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Corky Siegel uses a Siegel-Schwall classic to market his Chamber Blues group

You can easily explain Corky Siegel’s Chamber Blues as a novel blend of the Chicago blues form that Siegel mastered in the early 1960s with his still existing Siegel-Schwall Band and the classical music that he’s explored, first with Siegel-Schwall in the early ‘70s with both the Boston Pops and Seiji Ozawa, and since 1987, with his Chamber Blues ensemble.

Chamber Blues
Marc Hauser

But until you hear it, or better yet, see it, you won’t get the full effect. So Siegel has just sent out a video of Chamber Blues performing the Siegel-Schwall classic “Angel Food Cake,” and is making it available for fans to share.

“It's a live performance, created for me by John Anderson, the Emmy-winning, Grammy-nominated director and producer of documentaries including Brian Wilson Presents SMiLE, and Born in Chicago,” says Siegel, who appears in the latter feature-length documentary on Chicago blues.

“I’m honored that it was recorded by Shure Microphones, Inc., and mixed by award-winning sonic genius Ken Goerres,” he adds. “But the main thing is that it features my beautiful team of Chamber Blues players—violinists Chihsuan Yang and Jaime Gorgojo, violist Dave Moss, percussionist Frank Donaldson and cellist Jocelyn Butler Shoulders. I’m happy that people get to see it and share it.”

Siegel and Chamber Blues recorded about a dozen songs at Shure’s studios.

“I was very happy with the way the videos came out,” he says. “'Angel Food Cake' is one of the ones that I felt helped define what Chamber Blues is: Specifically, it’s a ‘call-and-response’ version of a compositional style of Chamber Blues.”

First appearing as a live version on the 1970 album Siegel-Schwall ’70, “Angel Food Cake” was noteworthy for Siegel’s psychedelic lyrics—though he never partook of any drugs—and the pitched call-and-response battle between his harmonica and partner Jim Schwall’s guitar riffs--always a concert high point.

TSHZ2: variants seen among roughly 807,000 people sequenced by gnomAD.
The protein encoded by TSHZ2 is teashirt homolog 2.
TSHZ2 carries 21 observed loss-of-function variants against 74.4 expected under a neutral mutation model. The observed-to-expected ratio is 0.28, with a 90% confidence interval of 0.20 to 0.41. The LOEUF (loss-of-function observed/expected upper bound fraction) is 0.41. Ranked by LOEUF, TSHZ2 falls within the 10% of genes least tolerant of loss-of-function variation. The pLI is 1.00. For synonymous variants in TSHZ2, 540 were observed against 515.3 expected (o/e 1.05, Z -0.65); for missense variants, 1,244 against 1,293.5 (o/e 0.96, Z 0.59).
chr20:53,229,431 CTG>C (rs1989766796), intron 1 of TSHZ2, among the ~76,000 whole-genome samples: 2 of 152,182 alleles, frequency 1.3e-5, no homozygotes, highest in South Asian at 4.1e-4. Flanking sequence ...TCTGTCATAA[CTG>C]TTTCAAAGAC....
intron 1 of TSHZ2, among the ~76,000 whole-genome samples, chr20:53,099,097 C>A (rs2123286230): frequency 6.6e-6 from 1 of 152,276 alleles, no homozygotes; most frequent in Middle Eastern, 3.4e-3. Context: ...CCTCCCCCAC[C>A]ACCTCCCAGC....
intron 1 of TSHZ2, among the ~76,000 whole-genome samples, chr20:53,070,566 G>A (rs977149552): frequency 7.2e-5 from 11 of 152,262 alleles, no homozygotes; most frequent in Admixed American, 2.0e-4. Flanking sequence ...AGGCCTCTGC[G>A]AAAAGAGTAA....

“The blues/classical juxtaposition approach is the compositional sauce of Chamber Blues, but can be approached many ways,” Siegel continues. “As you can see, the blues element and the classical element maintain their personalities. It's a little more difficult to pull off when it isn't call-and-response, but having both sail along together—and still maintaining their character--is always my ultimate goal. The marketing idea just came because I felt I could finally express, in a clear way, what Chamber Blues is.”

Throughout his long career, Siegel has never focused on marketing over creating.

His marketing idea of sending the “Angel Food Cake” video out to fans and encouraging them to share it “was just to have a lot of stuff happen all in one day,” he explains.

“I understand that it helps increase the viral aspect of marketing on the Internet,” he says. “The advantage for me of people not knowing about Chamber Blues, is that I get to tell them about it. So the irony is, if the video accomplishes what I hope, that ‘everyone’ knows about it, it won't be so much fun for me anymore: Who will there be left to tell? Who will be left to surprise? However, an artist has a bit of a responsibility to make his work available, instead of leaving it locked up in the basement. Otherwise how does it serve a broader purpose?”

“Whatever marketing has happened in my name over the last 50 years I am grateful for, because it has allowed me to keep doing what I'm doing,” Siegel concludes.

“So I'm just trying to spend a bit of artistic capital in letting this out. What is interesting is a conversation I had with Richie Havens: We both agreed that when we were making phone calls to get the gigs we wanted, we never got any gigs. But when we focused 100 percent on our art, the phone started ringing. So there is a little of that in there, too.”

[The Examiner has written liner notes on several Corky Siegel-related recordings.]

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